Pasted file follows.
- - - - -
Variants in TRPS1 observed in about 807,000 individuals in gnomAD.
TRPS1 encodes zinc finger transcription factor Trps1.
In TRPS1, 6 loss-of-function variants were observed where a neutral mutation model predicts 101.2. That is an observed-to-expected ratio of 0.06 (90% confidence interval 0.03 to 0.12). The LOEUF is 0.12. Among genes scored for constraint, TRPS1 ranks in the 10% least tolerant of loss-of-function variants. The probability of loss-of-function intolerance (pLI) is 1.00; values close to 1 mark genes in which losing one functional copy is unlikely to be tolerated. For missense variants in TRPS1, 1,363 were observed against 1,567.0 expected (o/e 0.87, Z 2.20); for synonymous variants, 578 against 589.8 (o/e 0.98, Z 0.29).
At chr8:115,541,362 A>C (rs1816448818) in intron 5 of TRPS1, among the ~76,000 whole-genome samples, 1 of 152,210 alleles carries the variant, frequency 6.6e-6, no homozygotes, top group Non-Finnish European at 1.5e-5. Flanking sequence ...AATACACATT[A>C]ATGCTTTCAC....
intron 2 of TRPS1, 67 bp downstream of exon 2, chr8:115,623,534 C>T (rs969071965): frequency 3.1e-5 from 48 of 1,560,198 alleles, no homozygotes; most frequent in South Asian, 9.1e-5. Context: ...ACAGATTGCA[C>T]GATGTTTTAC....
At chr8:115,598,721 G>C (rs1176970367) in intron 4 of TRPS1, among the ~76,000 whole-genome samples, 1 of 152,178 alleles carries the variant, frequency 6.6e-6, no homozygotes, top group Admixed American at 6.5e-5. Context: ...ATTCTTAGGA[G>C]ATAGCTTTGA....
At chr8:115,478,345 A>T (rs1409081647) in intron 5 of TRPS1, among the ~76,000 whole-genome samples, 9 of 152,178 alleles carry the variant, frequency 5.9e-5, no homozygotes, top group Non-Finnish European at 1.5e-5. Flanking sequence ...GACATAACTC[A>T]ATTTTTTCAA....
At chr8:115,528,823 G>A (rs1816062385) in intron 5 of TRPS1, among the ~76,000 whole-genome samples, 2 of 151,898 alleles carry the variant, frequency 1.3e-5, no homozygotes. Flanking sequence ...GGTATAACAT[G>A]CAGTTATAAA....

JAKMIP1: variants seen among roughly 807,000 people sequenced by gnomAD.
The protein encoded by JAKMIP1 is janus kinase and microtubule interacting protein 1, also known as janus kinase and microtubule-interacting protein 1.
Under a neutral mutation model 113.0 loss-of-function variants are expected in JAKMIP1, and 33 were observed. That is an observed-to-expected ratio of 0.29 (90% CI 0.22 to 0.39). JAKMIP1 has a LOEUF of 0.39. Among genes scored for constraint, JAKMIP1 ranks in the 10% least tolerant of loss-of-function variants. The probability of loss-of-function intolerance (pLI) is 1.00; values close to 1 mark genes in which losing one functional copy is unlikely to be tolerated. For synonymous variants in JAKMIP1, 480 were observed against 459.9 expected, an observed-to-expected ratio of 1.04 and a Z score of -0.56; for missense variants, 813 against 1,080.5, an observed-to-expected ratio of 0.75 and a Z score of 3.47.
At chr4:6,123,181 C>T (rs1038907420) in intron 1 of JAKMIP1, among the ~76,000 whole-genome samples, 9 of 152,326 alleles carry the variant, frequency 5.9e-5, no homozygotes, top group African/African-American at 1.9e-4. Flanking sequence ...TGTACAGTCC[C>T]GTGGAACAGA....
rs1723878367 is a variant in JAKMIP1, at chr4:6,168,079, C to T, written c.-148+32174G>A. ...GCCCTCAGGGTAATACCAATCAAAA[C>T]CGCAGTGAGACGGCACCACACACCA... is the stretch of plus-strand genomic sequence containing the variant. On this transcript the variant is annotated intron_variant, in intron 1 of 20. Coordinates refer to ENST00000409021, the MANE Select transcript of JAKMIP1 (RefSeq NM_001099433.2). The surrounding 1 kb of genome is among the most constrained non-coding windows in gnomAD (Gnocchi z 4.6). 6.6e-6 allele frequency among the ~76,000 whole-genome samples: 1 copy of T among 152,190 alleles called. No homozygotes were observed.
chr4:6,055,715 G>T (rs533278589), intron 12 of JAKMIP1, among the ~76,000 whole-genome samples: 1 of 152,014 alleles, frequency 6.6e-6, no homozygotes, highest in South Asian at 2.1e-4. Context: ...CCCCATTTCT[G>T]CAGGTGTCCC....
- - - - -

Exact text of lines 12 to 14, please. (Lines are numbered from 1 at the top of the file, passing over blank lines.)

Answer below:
At chr4:6,123,181 C>T (rs1038907420) in intron 1 of JAKMIP1, among the ~76,000 whole-genome samples, 9 of 152,326 alleles carry the variant, frequency 5.9e-5, no homozygotes, top group African/African-American at 1.9e-4. Flanking sequence ...TGTACAGTCC[C>T]GTGGAACAGA....
rs1723878367 is a variant in JAKMIP1, at chr4:6,168,079, C to T, written c.-148+32174G>A. ...GCCCTCAGGGTAATACCAATCAAAA[C>T]CGCAGTGAGACGGCACCACACACCA... is the stretch of plus-strand genomic sequence containing the variant. On this transcript the variant is annotated intron_variant, in intron 1 of 20. Coordinates refer to ENST00000409021, the MANE Select transcript of JAKMIP1 (RefSeq NM_001099433.2). The surrounding 1 kb of genome is among the most constrained non-coding windows in gnomAD (Gnocchi z 4.6). 6.6e-6 allele frequency among the ~76,000 whole-genome samples: 1 copy of T among 152,190 alleles called. No homozygotes were observed.
chr4:6,055,715 G>T (rs533278589), intron 12 of JAKMIP1, among the ~76,000 whole-genome samples: 1 of 152,014 alleles, frequency 6.6e-6, no homozygotes, highest in South Asian at 2.1e-4. Context: ...CCCCATTTCT[G>T]CAGGTGTCCC....